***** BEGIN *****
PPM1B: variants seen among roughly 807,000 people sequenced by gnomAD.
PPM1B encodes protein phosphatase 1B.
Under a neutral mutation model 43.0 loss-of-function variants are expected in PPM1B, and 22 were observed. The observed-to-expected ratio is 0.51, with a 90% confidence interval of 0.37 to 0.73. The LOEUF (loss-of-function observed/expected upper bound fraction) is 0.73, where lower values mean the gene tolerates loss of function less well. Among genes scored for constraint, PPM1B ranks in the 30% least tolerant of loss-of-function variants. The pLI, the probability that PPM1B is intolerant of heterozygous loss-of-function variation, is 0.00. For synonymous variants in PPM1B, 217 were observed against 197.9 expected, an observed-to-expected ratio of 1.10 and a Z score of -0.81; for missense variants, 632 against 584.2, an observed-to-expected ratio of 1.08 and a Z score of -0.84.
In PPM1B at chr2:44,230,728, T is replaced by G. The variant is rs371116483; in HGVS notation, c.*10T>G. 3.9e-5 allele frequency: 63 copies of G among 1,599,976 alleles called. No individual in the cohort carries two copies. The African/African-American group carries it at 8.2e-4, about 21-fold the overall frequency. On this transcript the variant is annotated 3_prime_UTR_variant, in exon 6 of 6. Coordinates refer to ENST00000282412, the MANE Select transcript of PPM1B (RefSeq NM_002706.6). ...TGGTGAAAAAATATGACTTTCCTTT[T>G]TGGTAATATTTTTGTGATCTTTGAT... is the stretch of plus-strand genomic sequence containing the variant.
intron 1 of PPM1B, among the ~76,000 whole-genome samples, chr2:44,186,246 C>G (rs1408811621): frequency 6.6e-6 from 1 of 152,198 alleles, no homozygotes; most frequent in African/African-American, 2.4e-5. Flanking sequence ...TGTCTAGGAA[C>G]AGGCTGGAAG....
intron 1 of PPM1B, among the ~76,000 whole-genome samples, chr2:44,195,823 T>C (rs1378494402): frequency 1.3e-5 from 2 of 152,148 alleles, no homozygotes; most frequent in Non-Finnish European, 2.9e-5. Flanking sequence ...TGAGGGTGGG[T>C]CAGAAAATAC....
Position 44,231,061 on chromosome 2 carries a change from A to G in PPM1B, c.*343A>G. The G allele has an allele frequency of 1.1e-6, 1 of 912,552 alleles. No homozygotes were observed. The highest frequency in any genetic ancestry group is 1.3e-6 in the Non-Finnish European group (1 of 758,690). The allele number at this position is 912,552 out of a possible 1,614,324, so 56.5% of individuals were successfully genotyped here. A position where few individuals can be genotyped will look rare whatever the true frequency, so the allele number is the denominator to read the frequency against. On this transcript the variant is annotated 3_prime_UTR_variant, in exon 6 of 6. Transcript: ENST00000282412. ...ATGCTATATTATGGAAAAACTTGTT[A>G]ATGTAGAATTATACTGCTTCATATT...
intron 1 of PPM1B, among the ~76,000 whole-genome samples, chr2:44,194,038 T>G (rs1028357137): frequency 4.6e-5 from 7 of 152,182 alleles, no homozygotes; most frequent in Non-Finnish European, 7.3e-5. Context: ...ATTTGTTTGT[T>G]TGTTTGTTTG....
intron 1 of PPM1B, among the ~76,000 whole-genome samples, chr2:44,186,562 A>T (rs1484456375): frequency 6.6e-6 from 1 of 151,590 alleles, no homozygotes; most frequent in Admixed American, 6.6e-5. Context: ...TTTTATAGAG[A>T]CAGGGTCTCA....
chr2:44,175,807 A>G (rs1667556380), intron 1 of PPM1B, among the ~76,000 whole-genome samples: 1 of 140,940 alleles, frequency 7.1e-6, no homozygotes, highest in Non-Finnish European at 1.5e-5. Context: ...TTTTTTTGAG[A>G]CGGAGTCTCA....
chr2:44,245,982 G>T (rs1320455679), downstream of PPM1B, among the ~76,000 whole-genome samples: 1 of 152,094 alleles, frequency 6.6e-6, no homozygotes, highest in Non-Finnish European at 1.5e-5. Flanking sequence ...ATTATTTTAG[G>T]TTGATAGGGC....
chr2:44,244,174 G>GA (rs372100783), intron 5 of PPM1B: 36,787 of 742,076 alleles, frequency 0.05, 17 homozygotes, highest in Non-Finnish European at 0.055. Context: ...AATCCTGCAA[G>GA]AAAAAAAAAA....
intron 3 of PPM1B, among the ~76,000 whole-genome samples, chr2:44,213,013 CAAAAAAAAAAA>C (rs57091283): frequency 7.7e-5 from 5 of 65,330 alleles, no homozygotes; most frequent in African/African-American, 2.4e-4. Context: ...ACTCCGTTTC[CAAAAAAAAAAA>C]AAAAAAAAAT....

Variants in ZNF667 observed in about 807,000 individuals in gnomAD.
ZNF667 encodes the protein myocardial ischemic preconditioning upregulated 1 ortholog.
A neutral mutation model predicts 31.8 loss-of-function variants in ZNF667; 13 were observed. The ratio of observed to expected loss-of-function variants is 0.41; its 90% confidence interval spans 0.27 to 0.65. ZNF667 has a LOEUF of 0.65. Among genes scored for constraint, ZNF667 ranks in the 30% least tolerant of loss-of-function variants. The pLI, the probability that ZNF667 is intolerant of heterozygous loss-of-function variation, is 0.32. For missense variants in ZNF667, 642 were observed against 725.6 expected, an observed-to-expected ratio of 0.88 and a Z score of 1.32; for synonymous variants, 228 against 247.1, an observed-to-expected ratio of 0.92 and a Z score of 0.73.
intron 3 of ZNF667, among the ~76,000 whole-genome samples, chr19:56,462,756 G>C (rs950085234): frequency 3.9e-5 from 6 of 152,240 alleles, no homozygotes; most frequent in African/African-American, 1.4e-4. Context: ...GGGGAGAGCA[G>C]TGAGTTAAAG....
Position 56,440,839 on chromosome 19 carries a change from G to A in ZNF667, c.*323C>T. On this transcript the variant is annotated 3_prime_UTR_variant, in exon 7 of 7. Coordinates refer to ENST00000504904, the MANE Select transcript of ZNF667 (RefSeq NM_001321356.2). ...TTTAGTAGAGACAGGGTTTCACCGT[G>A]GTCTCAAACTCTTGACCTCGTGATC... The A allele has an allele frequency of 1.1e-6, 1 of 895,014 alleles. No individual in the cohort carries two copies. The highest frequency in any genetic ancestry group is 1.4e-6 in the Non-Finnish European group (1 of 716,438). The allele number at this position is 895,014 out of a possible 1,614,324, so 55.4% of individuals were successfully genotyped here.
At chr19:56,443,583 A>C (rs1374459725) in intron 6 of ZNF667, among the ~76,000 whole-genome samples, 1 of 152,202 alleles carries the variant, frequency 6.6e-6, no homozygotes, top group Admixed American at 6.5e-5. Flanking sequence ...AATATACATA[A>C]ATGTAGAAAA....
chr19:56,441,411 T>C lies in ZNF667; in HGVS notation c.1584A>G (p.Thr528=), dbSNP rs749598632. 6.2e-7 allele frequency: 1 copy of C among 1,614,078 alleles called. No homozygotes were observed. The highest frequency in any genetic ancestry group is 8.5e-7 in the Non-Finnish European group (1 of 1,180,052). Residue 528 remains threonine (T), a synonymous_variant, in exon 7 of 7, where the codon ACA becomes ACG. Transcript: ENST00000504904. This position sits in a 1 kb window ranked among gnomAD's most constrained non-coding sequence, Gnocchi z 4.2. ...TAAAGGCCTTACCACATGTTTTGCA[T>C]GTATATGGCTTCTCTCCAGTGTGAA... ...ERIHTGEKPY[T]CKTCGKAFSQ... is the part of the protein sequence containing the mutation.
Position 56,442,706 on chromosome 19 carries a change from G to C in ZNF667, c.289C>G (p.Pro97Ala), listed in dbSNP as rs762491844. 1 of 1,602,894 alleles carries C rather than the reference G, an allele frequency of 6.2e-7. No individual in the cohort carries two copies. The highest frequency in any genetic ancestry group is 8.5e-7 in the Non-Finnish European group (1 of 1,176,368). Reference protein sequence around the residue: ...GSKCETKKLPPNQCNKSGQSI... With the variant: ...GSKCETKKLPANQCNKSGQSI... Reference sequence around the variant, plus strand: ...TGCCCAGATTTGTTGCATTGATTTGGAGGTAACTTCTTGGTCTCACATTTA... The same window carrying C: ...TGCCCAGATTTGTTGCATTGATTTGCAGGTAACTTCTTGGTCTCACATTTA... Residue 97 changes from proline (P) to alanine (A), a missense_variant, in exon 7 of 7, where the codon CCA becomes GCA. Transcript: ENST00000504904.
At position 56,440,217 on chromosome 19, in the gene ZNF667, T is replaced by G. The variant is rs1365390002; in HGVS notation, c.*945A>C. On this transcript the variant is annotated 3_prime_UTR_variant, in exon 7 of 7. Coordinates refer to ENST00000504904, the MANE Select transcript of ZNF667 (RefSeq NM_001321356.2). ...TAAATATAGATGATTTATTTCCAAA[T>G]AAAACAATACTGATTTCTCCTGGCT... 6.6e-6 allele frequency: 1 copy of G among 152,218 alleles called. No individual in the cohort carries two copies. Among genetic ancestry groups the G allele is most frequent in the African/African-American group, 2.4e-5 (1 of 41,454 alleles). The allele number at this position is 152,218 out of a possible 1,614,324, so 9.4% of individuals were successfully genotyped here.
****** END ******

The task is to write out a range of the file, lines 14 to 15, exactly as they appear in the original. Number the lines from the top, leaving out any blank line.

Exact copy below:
Variants in ZNF667 observed in about 807,000 individuals in gnomAD.
ZNF667 encodes the protein myocardial ischemic preconditioning upregulated 1 ortholog.